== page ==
This review was written for the theatrical release of "The Hitcher."
NEW YORK -- Arriving merely two decades after the original, the new version of "The Hitcher" continues the craze for remakes of horror movies geared to a new generation of teenagers. Sadly, it also continues the tendency of them to be even worse than the originals. While the 1986 edition was no classic, it's light years better than this update, which naturally opened without being screened for those ultimate villains, the critics.
Sean Bean steps into the formidable shoes of the truly creepy Rutger Hauer in the title role of the hitchhiker from hell. While the actor delivers a performance of requisite fierceness, his efforts are hamstrung by the screenplay's increasing level of silliness -- like the fact that his character manages to decimate nearly the entire police population of the American Southwest.
Tautly paced and signaling its level of sadism in the opening seconds with a shot of a cute bunny being reduced to road kill, the film depicts the efforts of a pair of hapless college students on a road trip, Jim (Zachary Knighton) and Grace (Sophia Bush), to avoid becoming victims of their pickup, who seems particularly focused on making their lives hell even at the expense of his own safety. Not content to merely terrorize them, he also manages to frame them for a series of murders, with the result that they wind up becoming fugitives from justice.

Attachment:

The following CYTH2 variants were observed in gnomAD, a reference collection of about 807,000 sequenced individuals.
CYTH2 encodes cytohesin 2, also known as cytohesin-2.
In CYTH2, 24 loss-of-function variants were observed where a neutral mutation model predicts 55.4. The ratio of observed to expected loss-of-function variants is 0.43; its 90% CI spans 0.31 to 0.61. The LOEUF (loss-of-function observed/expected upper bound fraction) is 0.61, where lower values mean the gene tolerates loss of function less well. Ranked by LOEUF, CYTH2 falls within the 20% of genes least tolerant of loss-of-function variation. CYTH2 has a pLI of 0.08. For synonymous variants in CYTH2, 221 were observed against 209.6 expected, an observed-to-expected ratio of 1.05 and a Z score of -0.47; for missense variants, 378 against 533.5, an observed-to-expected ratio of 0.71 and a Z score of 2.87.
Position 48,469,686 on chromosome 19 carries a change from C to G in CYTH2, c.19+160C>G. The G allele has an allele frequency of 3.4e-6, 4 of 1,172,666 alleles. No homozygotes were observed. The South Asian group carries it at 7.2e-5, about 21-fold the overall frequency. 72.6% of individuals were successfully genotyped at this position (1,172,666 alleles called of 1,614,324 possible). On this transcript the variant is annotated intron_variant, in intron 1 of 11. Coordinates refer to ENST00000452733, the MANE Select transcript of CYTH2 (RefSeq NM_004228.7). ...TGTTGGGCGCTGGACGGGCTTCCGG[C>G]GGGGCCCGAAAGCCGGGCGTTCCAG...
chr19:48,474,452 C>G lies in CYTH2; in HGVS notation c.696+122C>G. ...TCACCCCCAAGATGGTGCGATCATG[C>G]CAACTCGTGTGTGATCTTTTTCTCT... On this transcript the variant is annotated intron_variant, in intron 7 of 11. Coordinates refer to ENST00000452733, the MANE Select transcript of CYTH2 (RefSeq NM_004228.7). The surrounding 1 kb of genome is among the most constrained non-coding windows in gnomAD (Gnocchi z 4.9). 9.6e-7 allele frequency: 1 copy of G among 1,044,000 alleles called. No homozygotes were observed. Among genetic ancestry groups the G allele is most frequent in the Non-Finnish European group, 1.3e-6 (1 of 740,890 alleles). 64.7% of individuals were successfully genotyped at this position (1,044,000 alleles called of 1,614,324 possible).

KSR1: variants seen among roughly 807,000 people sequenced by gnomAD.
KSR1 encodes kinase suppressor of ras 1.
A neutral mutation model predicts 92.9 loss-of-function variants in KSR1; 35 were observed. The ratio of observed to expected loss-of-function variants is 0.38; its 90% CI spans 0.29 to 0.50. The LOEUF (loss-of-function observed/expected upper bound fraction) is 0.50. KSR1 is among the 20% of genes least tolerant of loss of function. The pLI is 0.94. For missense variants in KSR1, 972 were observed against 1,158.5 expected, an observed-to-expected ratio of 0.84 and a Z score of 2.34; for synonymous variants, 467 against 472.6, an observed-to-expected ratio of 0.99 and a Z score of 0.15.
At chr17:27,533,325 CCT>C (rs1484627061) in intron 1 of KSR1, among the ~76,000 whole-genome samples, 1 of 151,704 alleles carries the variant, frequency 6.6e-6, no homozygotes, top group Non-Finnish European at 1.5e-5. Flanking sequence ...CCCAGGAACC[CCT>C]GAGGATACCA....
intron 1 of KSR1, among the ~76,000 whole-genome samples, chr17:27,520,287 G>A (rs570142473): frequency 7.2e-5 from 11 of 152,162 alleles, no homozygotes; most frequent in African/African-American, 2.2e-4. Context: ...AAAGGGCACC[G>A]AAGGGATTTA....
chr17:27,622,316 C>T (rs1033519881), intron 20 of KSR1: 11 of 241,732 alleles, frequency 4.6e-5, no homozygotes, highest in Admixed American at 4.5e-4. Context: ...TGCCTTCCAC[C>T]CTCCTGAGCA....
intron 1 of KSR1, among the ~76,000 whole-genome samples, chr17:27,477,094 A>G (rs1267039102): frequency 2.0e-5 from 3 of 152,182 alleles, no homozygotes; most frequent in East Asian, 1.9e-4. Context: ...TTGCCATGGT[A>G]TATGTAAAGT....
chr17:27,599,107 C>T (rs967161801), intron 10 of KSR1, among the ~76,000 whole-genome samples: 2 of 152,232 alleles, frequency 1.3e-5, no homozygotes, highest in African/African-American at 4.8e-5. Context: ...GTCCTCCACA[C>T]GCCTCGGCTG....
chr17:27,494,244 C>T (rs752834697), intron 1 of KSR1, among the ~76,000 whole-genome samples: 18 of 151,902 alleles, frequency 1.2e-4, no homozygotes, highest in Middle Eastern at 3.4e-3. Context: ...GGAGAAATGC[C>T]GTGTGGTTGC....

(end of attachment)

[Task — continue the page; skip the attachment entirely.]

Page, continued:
The screenplay's level of laziness is signaled by this observation by Grace while being pursued by a dozen police cars and a swooping helicopter: "This is bad."
The scene from the original most cherished by horror fans, involving one of the characters threatened with being torn apart by two trucks, is dutifully reprised, with a predictable upping of the ante.
Knighton and Bush are reasonably effective as the would-be victims, though the latter is less than convincing when forced to go into vengeful Lara Croft mode. Neal McDonough, as a sympathetic police lieutenant, wears his Stetson in convincing fashion.
The inevitable hard rock soundtrack includes classics of nihilism like Nine Inch Nails' "Closer."
Probably the nerviest move on filmmaker Dave Meyers' part was to include a clip from Alfred Hitchcock's "The Birds," well demonstrating just how far we've descended when it comes to cinematic suspense.
A Rogue Pictures and Intrepid Pictures presentation in association with Michael Bay of a Platinum Dunes production
Director: Dave Meyers
Screenwriter: Eric Red, Jade Wade Wall, Eric Bernt
Producers: Michael Bay, Andrew Form, Brad Fuller, Charles Meeker, Alfred Haber
Director of photography: James Hawkinson
Production designer: David Lazan
Editor: Jim May
Music: Steve Jablonsky
Costume designer: LeeAnn Radeka
John Ryder: Sean Bean
Grace Andrews: Sophia Bush
Jim Halsey: Zachary Knighton
Lt. Esteridge: Neal McDonough
Bufords' store clerk: Kyle Davis
Running time -- 90 minutes
MPAA rating: R